by Kathy Andrews
We all know that librarians catalog books, help us find reference materials, and check out our selections at the circulation desk, but what’s the Trinity library staff doing blogging? And Tweeting?
Browse the Raether Library and Information Technology Center’s Web site (http://library.trincoll.edu) and you will find this quote from the poet Rainer Maria Rilke: “Ah, how good it is to be among people who are reading!”
But while experiencing the library online is not quite the same as hunkering down in the Grand Reading Room alongside others absorbed in books, more and more faculty members and students find that it can be equally enriching. Whether people consider themselves to be bibliophiles or technophiles, the Raether Center provides multiple ways to access needed information both online and in person.
First of all, let’s make it clear that books and printed materials are still very much part of the picture—the circulating collection contains more than 38,375 linear feet (just over seven miles!) of materials. But the explosive growth in recent years has come in the electronic online collections and databases that are increasingly available to library users. Electronic and media resources in the Trinity library include more than 10,000 CDs and 5,000 DVDs and videos, and the number of electronic academic journals has increased from 11,727 in 2006 to 17,038 today—a jump of 45 percent in three years. Then there’s TOR (Trinity Online Resources)—a tool to help students and faculty members find the databases, journals, and Web sites that are most appropriate for their research—that is available 24/7 from any networked computer on campus.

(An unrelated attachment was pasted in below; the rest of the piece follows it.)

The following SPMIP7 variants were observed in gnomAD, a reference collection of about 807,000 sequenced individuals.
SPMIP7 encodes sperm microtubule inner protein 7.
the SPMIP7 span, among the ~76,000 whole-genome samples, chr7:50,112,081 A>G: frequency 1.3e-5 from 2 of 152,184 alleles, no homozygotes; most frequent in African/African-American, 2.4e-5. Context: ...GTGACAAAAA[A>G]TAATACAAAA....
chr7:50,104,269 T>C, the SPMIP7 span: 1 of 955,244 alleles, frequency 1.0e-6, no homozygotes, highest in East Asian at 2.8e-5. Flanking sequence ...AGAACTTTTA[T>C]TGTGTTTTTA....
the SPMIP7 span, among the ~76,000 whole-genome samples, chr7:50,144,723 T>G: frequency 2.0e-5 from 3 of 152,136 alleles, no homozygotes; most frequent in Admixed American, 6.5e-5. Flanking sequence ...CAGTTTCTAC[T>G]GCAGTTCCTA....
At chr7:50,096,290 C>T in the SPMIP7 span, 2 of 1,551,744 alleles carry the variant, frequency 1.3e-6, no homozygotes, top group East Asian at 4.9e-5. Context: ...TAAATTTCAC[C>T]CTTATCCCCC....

And a new addition to the library’s Web site, “Learning Connections” at http://library.trincoll.edu/connections, showcases ways in which librarians collaborate with members of the faculty to help students build information-literacy skills. For example, for his First-Year Program seminar on the Mafia, John Alcorn, principal lecturer in language and culture studies, worked with Erin Valentino, research and education librarian, on activities that help students differentiate among the wide variety of information sources available on the topic. Valentino says, “This is a great way to communicate with faculty members about creative approaches to student learning and research.”
High-tech, but with an emphasis on the human side
“There is no doubt that libraries and technology are linked as never before,” says College Librarian Richard Ross. “But we still try very hard to focus on the human side and provide a comfortable and engaging physical space. Collaborations, partnerships, creative use of technology, and forward-looking planning help us provide the best mix of resources for the benefit of Trinity students and faculty.”
So, are library staff members still doing the things they have traditionally done—selecting, processing, bar-coding, cataloging, preserving, and helping locate an obscure title in the stacks? Yes! But just as often they are scrolling, clicking, blogging, developing online course guides, and Tweeting (micro-blogging via Twitter).